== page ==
Amstrad Computer advert from the1980s
Amstrad is a British electronics company founded in 1968 by Alan Sugar. The name is a contraction of Alan Michael Sugar Trading. It was first listed on the London Stock Exchange in 1980.
During the late 1980s, Amstrad had a substantial share of the PC market in the UK. As of 2006, Amstrad’s main business is manufacturing Sky Digital interactive boxes. Amstrad was once a FTSE 100 Index constituent but is now wholly owned by BSkyB.
The company is based in Brentwood, Essex.
In 1980, Amstrad went public trading on the London Stock Exchange, and doubled in size each year during the early ’80s. Amstrad began marketing their own home computers in an attempt to capture the market from Commodore and Sinclair, with the Amstrad CPC range in 1984. The CPC 464 was launched in the UK, France, Australia, New Zealand, Germany, Spain and Italy. It was followed by the CPC 664 and CPC 6128 models. Later “Plus” variants of the 464 and 6128, launched in 1990, increased their functionality slightly.
In 1985, the popular Amstrad PCW range was introduced, which were principally word processors, complete with printer, running the LocoScript word processing program. They were also capable of running the CP/M operating system. The Amsoft division of Amstrad was set up to provide in-house software and consumables.
On 7 April 1986 Amstrad announced it had bought from Sinclair Research “…the worldwide rights to sell and manufacture all existing and future Sinclair computers and computer products, together with the Sinclair brand name and those intellectual property rights where they relate to computers and computer related products.” which included the ZX Spectrum, for £5 million. This included Sinclair’s unsold stock of Sinclair QLs and Spectrums. Amstrad made more than £5 million on selling these surplus machines alone. Amstrad launched two new variants of the Spectrum: the ZX Spectrum +2, based on the ZX Spectrum 128, with a built-in tape drive (like the CPC 464) and, the following year, the ZX Spectrum +3, with a built-in floppy disk drive (similar to the CPC 664 and 6128), taking the 3″ disks that many Amstrad machines used.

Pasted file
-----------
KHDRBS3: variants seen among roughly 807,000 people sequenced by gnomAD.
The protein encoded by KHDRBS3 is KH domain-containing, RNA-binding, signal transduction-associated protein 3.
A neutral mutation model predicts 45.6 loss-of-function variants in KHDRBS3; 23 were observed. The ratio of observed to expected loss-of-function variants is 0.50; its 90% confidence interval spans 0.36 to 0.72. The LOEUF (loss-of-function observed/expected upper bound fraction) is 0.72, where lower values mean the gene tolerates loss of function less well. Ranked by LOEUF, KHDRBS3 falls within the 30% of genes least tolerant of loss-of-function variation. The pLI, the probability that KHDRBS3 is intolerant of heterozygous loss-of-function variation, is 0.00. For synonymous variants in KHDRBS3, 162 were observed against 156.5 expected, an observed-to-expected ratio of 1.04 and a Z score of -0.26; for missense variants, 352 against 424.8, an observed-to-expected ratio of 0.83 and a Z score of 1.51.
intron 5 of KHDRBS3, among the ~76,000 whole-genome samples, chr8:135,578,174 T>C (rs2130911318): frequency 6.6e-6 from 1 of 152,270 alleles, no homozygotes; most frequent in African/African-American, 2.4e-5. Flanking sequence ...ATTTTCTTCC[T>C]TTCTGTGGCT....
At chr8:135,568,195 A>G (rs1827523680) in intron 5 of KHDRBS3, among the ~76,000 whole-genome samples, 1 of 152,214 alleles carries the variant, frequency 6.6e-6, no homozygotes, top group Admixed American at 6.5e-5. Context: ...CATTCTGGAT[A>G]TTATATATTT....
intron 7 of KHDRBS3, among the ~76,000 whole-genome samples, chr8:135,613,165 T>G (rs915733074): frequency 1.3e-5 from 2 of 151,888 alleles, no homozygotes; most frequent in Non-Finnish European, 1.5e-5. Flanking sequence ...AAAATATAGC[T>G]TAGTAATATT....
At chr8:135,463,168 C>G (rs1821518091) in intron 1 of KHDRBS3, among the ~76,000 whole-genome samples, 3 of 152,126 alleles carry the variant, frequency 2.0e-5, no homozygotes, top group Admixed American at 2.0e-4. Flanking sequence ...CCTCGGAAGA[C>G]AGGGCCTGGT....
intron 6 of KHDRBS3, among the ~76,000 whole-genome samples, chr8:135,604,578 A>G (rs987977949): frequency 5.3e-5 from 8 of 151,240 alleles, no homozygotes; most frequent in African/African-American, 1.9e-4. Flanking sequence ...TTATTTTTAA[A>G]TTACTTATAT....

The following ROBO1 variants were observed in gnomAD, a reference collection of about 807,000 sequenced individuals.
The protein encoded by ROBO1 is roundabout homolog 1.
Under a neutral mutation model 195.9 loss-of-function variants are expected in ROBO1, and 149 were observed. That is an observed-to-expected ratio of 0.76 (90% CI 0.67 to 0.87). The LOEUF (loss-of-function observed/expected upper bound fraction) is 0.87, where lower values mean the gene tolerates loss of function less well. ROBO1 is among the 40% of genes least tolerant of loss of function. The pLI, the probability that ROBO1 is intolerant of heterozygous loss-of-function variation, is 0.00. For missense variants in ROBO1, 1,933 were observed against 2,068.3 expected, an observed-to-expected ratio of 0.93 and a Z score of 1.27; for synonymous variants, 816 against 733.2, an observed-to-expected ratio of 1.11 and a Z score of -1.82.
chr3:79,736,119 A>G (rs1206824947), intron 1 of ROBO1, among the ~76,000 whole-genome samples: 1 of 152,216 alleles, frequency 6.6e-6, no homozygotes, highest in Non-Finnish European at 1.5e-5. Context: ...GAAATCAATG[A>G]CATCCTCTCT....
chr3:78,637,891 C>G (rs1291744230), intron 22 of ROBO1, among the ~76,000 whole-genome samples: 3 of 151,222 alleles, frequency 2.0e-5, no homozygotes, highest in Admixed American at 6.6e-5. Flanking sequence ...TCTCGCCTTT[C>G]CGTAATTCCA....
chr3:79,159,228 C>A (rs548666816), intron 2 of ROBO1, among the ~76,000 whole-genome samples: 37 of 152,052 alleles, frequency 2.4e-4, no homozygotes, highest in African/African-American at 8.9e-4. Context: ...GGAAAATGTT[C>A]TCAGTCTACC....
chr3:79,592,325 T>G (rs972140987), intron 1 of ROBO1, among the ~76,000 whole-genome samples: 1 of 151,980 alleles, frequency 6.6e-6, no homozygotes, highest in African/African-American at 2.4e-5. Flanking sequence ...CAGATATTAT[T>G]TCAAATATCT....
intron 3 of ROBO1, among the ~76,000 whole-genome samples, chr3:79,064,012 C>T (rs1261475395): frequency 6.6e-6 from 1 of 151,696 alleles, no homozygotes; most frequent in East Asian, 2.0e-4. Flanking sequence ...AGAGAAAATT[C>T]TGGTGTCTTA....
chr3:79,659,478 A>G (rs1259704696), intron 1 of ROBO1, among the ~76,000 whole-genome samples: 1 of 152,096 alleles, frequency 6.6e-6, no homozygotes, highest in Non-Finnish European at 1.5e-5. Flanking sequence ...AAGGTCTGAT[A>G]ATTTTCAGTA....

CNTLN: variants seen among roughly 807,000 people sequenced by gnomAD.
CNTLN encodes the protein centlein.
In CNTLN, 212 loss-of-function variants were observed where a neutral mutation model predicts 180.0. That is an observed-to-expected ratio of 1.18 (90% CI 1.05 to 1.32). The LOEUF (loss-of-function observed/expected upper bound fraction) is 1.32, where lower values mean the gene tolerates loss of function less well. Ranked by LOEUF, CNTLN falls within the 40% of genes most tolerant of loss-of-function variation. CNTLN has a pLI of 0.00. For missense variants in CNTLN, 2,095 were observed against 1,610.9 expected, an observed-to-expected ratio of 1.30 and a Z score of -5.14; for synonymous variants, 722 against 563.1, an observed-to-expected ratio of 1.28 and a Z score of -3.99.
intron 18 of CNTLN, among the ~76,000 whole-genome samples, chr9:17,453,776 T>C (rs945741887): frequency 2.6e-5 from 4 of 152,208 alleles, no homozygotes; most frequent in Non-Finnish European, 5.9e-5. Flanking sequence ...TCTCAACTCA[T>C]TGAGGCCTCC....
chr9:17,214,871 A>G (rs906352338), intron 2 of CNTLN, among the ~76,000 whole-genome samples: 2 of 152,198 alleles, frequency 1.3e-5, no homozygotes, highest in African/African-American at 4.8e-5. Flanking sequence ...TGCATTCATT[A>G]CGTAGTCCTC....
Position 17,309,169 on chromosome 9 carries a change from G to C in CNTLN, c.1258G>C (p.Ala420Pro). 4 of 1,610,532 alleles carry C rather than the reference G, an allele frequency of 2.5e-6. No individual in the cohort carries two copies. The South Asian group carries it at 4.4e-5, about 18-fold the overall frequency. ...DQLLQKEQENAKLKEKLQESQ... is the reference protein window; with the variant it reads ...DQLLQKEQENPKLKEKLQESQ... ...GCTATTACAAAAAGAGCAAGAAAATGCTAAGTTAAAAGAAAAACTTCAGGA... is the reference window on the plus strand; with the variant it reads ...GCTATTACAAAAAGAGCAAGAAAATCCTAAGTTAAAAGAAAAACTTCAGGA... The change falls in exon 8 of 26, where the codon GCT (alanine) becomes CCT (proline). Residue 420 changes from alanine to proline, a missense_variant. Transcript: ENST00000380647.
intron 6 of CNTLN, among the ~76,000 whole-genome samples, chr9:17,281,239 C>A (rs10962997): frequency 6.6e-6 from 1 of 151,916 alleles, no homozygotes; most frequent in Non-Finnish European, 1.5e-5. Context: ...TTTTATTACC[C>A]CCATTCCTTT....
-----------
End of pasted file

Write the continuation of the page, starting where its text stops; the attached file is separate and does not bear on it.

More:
The company produced a range of affordable MS-DOS-based, but with the GEM graphics interface, and later Windows-based personal computers, the first of which was the PC1512, priced at £399 in 1986. It was a success, capturing more than 25% of the European computer market. In 1988 Amstrad attempted to make the first affordable portable personal computer with the PPC512 and 640 models, introduced a year before the Macintosh Portable. They ran MS-DOS on an 8 MHz processor, and the built-in screen could emulate the Monochrome Display Adapter or Color Graphics Adapter. Amstrad’s final (and ill-fated) attempts to exploit the Sinclair brand were based on the company’s own PCs; a compact desktop PC derived from the PPC 512, branded as the Sinclair PC200, and the PC1512 rebadged as the Sinclair PC500.
Amstrad’s second generation of PCs, the PC2000 series, were launched in 1989. However, due to a problem with the Seagate ST277R hard disk shipped with the PC2386 model, these had to be recalled and fitted with Western Digital controllers. Amstrad later successfully sued Seagate, but following bad press over the hard disk problems, Amstrad lost its lead in the European PC market.
Info gleaned from Wikipedia